One of the most endearing qualities of a dog is their ability to “live in the moment”. We, as humans, often wish that we could do that. It takes a lot of effort sometime for us to just connect with the present… to be mindful… to enjoy the moment. Dogs just naturally live their life that way. In the same respect, dogs are unable to see beyond the present. They don’t look to the future, or have hope of a brighter tomorrow. When their world changes, for good or bad, they just live it, no matter how painful.
How Dogs Experience Loss
Death or absence of a guardian results in a sense of finality for a dog. Dogs can suffer the pain of depression and sorrow following the loss of a closely bonded family member, just like we do. The intensity of their suffering generally depends on the strength of the bond with that person. Although they do not easily give up the search for their loved one, the feeling of loss is all encompassing. Dogs will often pace and search, ears pricking at each noise in hopes of it being the sound of their loved one returning.
Change of Routine
Changes in the household routine is upsetting to your dog as well. Suddenly, in addition to not being able to find their family member, lots of people are coming to the house and the energy or “karma”, has changed. As your dog is very in-tune to your energy and the energy of those around him, this sudden change in dynamics is very unsettling and confusing for him.
Evidence of Mourning in Dogs
Most dogs will eventually begin to recover from their loss and go on with their lives, forming new attachments to other people. However, some seem to never move on and may need our help. Signs that your dog is mourning is evident in many ways. Restlessness, loss of appetite, lack of energy or interest in normal activity, increase in sleeping…generally all the same things that we go through when we are faced with loss. Some dogs may even show uncommon aggression. One family reported that their normally sweet and gentle dog guarded the front door of the home, growling at visitors, when the man of the house passed away.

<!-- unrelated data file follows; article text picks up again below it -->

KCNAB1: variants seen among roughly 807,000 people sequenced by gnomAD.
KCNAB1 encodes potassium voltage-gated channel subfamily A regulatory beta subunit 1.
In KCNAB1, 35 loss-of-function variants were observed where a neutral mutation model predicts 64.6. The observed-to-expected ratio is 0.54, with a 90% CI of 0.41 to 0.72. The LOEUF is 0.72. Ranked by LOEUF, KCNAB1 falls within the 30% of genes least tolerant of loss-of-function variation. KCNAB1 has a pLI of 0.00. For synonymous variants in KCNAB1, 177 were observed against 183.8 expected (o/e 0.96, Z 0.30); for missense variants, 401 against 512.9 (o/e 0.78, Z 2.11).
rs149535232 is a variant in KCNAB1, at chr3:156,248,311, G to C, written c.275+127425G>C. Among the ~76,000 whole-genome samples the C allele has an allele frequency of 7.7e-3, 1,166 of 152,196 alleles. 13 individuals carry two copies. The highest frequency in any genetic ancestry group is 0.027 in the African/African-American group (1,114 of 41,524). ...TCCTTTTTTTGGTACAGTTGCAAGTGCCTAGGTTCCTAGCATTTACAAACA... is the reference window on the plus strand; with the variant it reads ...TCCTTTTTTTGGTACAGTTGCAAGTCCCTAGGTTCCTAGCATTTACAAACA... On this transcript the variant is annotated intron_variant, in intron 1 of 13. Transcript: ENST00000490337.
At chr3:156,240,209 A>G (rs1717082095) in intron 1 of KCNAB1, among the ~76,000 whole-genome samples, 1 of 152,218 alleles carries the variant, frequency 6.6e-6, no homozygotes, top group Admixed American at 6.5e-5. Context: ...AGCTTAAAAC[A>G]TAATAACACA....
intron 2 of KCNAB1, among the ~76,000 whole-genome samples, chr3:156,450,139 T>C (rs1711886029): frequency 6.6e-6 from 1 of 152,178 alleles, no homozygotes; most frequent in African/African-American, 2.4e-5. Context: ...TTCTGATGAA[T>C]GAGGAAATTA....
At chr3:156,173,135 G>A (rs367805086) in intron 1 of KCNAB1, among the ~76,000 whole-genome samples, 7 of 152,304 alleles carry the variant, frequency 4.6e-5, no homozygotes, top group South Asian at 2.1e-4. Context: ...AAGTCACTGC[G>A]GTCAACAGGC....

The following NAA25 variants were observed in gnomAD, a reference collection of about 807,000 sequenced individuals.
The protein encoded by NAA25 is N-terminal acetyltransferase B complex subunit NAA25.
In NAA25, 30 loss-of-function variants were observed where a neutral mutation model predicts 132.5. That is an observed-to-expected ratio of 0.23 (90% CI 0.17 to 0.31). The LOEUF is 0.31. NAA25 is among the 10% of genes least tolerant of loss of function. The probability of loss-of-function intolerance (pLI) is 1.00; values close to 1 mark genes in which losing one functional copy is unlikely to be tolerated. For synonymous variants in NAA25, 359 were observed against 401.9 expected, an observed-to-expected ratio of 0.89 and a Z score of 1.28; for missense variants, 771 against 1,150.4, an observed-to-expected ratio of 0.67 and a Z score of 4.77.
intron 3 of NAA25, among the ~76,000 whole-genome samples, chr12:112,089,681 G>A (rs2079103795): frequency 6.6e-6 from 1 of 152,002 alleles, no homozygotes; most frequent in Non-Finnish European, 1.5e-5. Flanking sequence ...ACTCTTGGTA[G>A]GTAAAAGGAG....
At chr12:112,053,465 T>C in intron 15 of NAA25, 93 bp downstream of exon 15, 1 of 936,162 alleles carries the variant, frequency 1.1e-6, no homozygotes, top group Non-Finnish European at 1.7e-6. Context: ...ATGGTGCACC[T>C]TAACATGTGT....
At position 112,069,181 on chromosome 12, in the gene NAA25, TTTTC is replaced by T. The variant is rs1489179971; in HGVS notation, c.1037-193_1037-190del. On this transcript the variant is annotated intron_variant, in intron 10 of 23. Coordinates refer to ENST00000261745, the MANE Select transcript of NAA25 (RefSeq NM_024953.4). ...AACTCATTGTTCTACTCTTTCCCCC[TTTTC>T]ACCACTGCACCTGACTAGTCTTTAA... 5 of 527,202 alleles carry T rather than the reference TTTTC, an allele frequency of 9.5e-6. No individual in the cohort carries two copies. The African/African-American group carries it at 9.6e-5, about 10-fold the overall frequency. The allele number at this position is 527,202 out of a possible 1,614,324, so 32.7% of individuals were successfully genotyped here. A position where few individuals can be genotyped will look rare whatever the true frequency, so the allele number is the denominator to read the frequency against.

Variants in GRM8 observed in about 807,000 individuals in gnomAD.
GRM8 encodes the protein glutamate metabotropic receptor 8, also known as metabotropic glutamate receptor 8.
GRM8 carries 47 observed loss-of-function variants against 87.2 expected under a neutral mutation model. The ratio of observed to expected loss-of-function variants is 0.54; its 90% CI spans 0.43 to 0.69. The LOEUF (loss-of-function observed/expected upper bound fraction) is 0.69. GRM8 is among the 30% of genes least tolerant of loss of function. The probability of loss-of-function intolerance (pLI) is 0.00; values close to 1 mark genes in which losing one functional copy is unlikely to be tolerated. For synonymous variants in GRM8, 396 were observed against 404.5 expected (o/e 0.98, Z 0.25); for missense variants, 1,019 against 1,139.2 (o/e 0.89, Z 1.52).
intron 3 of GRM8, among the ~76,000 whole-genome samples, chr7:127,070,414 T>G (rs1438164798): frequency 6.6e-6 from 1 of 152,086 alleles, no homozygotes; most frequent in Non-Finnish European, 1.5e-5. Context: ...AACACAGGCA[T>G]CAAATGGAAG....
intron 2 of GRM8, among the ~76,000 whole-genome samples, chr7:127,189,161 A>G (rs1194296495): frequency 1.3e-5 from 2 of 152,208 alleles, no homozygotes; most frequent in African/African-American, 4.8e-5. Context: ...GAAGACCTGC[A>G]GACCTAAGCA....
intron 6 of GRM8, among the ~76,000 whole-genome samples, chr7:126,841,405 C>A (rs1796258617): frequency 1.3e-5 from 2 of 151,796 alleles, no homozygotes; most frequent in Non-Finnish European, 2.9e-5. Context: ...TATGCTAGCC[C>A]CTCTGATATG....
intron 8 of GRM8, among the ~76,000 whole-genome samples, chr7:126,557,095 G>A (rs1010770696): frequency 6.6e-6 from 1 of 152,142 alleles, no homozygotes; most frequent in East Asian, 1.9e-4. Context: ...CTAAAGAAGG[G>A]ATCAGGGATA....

How to Help a Dog Who is Mourning
How can you help a dog when he/she is mourning the loss of someone dear to them? It’s difficult, being that you are probably mourning a loss as well. You will most likely be busy with preparation, guests, etc., allowing you little time to spend with your dog. If at all possible, try to keep their schedule as close to “normal” as you can. That would include normal walks and eating times. If they are not eating, you may try hand-feeding them, or encouraging them with their favorite foods. If you are unable to walk them, ask a close friend with whom your dog is familiar, to take him on his walk. As the evenings draw near, spend some extra time with him. Try entertaining him with toys and belly rubs…whatever makes him happy. You may even consider letting him sleep with you.
When your routine returns to a somewhat normal pace, your dog should be showing signs of recovery. If he/she still appears to be mourning, or is showing signs of declining mental or physical health, a trip to the vet may be in order.